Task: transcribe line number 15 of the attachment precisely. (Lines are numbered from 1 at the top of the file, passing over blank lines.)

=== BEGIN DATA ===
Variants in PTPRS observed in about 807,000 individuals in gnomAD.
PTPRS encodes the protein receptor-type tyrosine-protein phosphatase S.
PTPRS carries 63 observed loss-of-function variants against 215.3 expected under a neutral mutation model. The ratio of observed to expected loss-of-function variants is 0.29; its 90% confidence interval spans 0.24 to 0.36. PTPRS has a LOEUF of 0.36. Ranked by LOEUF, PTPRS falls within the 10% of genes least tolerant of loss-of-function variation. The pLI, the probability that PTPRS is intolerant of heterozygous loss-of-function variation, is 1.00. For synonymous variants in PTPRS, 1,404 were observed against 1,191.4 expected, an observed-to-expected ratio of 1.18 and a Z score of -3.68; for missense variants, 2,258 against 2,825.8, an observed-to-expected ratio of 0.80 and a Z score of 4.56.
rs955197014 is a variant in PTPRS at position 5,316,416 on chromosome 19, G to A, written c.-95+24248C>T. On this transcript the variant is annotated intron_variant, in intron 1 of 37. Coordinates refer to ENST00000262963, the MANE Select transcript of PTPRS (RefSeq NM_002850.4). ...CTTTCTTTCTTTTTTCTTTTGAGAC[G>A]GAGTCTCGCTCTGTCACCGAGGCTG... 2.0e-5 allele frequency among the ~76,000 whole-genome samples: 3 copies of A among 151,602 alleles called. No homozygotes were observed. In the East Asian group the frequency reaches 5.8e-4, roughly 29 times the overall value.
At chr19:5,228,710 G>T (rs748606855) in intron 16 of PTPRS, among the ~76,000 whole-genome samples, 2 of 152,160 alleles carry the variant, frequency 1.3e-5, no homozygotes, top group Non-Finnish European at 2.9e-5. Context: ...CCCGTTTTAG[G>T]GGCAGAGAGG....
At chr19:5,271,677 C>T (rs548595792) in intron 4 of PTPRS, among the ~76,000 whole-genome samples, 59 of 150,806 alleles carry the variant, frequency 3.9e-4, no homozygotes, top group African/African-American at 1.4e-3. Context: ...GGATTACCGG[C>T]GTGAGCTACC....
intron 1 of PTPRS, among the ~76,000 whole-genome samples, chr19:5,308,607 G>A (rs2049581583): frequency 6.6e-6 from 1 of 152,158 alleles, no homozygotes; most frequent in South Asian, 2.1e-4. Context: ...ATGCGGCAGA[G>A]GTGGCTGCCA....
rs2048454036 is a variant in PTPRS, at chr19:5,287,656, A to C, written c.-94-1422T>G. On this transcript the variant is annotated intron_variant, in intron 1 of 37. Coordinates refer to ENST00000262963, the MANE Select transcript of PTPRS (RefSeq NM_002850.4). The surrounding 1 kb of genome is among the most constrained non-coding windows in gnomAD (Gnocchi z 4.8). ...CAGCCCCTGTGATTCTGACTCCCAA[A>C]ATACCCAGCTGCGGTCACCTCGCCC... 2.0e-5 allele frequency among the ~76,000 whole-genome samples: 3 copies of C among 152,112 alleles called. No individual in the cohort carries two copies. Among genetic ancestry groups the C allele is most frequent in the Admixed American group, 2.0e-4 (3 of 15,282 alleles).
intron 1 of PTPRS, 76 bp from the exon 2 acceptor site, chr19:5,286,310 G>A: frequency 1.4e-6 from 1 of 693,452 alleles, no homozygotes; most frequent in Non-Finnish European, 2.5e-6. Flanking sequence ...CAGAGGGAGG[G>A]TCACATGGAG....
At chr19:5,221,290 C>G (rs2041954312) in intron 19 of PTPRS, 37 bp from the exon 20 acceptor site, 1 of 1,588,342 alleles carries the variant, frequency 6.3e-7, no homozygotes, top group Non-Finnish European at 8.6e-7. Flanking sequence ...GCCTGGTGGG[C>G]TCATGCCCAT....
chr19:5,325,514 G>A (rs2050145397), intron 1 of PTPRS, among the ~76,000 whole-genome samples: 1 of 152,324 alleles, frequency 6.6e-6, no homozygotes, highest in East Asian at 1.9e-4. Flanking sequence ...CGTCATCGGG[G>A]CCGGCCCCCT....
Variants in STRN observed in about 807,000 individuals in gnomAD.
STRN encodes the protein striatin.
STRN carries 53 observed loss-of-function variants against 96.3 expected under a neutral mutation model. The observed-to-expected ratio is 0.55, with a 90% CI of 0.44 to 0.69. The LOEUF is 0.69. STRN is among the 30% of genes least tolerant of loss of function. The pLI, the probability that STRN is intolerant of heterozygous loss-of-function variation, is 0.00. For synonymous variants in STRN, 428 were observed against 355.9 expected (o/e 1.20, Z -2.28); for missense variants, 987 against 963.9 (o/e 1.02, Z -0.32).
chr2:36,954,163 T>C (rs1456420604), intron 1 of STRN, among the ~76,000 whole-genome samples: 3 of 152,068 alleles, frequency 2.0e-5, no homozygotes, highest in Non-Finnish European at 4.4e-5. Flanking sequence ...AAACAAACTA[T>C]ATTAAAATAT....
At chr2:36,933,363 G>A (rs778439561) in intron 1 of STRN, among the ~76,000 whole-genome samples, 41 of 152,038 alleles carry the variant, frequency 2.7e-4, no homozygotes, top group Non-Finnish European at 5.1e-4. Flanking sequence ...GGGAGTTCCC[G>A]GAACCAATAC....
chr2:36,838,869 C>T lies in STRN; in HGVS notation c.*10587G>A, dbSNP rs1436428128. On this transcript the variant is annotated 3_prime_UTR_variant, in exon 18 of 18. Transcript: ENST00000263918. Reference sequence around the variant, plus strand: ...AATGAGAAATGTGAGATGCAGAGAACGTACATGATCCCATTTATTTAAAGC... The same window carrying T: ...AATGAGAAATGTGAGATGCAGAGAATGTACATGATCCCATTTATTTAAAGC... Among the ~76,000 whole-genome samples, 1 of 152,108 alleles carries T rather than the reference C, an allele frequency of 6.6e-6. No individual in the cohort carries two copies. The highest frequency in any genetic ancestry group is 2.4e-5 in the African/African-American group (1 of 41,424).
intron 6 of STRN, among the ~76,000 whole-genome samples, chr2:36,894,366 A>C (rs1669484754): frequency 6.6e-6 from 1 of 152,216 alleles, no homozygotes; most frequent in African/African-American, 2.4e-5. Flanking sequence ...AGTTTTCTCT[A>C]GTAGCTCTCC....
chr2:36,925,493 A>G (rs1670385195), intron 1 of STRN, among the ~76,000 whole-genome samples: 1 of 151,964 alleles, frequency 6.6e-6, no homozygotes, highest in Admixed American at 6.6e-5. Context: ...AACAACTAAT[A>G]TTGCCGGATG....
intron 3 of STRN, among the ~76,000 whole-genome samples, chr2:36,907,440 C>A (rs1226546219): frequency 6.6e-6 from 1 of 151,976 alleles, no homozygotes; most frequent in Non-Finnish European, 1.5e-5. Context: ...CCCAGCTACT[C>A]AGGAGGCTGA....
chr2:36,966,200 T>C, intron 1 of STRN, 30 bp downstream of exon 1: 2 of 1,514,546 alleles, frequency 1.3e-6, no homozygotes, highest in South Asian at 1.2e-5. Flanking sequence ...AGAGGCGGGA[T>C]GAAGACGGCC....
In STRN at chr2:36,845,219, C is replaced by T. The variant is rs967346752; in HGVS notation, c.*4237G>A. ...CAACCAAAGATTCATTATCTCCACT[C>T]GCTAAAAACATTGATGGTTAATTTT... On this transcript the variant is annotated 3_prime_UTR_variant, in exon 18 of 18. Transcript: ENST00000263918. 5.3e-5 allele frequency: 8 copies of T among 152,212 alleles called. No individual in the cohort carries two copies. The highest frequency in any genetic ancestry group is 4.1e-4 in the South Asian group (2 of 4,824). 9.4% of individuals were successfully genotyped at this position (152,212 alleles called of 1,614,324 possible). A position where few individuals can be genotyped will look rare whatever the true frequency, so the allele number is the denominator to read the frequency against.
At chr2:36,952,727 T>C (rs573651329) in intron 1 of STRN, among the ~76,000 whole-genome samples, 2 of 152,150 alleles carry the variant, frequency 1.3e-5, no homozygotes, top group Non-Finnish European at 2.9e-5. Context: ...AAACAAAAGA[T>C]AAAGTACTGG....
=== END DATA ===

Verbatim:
chr2:36,954,163 T>C (rs1456420604), intron 1 of STRN, among the ~76,000 whole-genome samples: 3 of 152,068 alleles, frequency 2.0e-5, no homozygotes, highest in Non-Finnish European at 4.4e-5. Flanking sequence ...AAACAAACTA[T>C]ATTAAAATAT....